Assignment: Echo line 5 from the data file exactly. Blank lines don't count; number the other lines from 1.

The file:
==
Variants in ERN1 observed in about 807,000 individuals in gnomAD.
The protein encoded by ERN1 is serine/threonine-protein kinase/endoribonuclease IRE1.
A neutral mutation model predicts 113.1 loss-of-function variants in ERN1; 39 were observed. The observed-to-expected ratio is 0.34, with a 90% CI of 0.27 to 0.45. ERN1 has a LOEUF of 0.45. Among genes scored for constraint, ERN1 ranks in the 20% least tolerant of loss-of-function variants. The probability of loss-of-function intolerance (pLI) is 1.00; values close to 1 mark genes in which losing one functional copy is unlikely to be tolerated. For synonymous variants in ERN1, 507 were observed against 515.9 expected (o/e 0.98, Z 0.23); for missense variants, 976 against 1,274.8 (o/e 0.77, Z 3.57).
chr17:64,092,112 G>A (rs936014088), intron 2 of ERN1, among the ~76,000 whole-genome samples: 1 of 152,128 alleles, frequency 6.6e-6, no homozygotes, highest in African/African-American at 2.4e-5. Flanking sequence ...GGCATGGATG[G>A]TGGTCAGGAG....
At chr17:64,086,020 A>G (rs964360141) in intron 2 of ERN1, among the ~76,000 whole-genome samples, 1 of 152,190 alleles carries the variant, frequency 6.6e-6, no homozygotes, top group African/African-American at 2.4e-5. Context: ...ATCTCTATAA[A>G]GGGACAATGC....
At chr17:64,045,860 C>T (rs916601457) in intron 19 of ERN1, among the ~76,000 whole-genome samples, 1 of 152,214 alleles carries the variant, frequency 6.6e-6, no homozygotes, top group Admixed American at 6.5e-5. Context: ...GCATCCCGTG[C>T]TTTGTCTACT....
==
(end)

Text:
At chr17:64,086,020 A>G (rs964360141) in intron 2 of ERN1, among the ~76,000 whole-genome samples, 1 of 152,190 alleles carries the variant, frequency 6.6e-6, no homozygotes, top group African/African-American at 2.4e-5. Context: ...ATCTCTATAA[A>G]GGGACAATGC....